Put into the context of the discussion above, it's essentially a draw, IMHO.

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Post by TMR » Fri May 18, 2007 1:00 pm

gury wrote:Yeah, Atari has three less hardware "sprites", but it still has good games.
i don't believe i mentioned the games in that statement?
gury wrote:Hmm, horizontal scrolling... Yes indeed, Atari has just 160 pixel horizontal resolution, but practically I don't see it as quirk.
i was talking about scrolling that specific example of Emkays, please keep these things in context because they'll get confused rather rapidly otherwise.
gury wrote:The speed will be noticeable just when slow scrolling is in stage. For any other situations, demos, games like Dropzone, Super Cobra or Last V8, Airstrike... there is no real difference.
That isn't actually true because there's a glaring difference in Last V8 in particular when it's scrolling slowly; the vertical shift steps twice as often as the horizontal and it wobbles badly and Dropzone suffers at low speeds too. But because they were designed not to move that slowly too often it's not as noticeable as it could be.

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Post by gury » Fri May 18, 2007 1:04 pm

TMR wrote:
gury wrote:Hmm, horizontal scrolling... Yes indeed, Atari has just 160 pixel horizontal resolution, but practically I don't see it as quirk.
i was talking about scrolling that specific example of Emkays, please keep these things in context because they'll get confused rather rapidly otherwise.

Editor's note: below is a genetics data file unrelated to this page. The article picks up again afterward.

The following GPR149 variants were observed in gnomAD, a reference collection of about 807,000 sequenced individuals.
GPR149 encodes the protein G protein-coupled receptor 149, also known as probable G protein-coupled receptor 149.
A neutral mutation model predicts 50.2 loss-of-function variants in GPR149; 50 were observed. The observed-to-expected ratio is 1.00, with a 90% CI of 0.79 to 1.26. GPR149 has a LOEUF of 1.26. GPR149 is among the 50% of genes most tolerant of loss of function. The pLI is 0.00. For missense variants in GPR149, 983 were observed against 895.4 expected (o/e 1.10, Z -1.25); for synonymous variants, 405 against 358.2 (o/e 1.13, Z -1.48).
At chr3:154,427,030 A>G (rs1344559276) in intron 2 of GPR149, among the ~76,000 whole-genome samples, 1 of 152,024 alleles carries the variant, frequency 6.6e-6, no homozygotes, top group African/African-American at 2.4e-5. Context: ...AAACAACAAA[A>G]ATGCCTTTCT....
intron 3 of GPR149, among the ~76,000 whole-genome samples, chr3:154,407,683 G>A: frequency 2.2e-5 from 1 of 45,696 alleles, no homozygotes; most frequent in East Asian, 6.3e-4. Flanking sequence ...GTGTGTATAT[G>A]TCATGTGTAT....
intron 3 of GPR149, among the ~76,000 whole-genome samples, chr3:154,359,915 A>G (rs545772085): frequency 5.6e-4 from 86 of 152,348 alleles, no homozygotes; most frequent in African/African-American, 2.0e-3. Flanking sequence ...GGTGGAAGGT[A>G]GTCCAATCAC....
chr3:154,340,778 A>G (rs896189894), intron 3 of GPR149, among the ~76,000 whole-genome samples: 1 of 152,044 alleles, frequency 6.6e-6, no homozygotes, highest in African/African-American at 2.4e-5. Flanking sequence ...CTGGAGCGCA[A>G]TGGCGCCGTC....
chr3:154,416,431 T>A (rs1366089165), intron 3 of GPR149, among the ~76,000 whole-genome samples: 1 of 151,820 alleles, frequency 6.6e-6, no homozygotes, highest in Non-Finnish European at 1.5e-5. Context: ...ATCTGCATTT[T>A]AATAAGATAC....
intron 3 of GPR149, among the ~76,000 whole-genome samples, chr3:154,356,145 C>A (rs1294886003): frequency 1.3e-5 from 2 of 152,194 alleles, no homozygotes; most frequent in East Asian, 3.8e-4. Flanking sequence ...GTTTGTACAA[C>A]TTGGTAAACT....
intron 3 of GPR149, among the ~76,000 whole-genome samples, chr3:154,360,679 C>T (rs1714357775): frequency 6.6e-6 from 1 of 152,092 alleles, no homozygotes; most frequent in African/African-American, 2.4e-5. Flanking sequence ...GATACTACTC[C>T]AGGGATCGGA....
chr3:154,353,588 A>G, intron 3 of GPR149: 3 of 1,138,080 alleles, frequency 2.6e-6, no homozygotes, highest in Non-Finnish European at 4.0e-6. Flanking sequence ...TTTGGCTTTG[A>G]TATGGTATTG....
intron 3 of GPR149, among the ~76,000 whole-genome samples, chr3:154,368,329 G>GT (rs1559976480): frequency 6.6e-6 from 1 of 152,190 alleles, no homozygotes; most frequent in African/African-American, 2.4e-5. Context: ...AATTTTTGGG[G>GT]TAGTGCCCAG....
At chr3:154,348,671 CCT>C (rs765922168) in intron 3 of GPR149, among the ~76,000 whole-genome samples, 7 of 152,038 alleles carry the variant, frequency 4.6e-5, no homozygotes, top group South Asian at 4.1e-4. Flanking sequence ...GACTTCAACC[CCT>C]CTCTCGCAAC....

I just wanted to clarify (for others) what difference is between Atari and C64 horizontal scrolling, as they both have horizontal and vertical registers to make things easier.
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Post by TMR » Fri May 18, 2007 1:10 pm

potatohead wrote:Look at Apple ][ robotron. Excellent, and with a lot of movement going on full screen. It's one of the best ports ever of that game, and there was no hardware assist at all!
Umm, that's sort of how software sprites always work... without hardware assist? =-)
potatohead wrote:Put into the context of the discussion above, it's essentially a draw, IMHO.
Ah, so because you think that software sprites are no big deal the sheer amount of data movement required for them is suddenly negated? One 16x16 pixel object requires, depending on the hardware, 72 bytes of data to be read, masked and written (not forgetting to stash what was there originally to repair it before the next frame) so that's 288 memory transactions compared to... erm, three per sprite on the C64 and 33 without tricks for the Atari 8-bit. i don't call that a draw, especially since the hardware sprites still have other advantages like pixel perfect collision, independent colours and being bigger on average than 16x16 pixels.

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Post by TMR » Fri May 18, 2007 1:11 pm

gury wrote:
TMR wrote:
gury wrote:Hmm, horizontal scrolling... Yes indeed, Atari has just 160 pixel horizontal resolution, but practically I don't see it as quirk.
i was talking about scrolling that specific example of Emkays, please keep these things in context because they'll get confused rather rapidly otherwise.
I just wanted to clarify (for others) what difference is between Atari and C64 horizontal scrolling, as they both have horizontal and vertical registers to make things easier.
That was covered a fair few pages back, along with the finer sprite positioning. =-)

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Post by gury » Fri May 18, 2007 1:16 pm

TMR wrote: That was covered a fair few pages back, along with the finer sprite positioning. =-)
DOH :D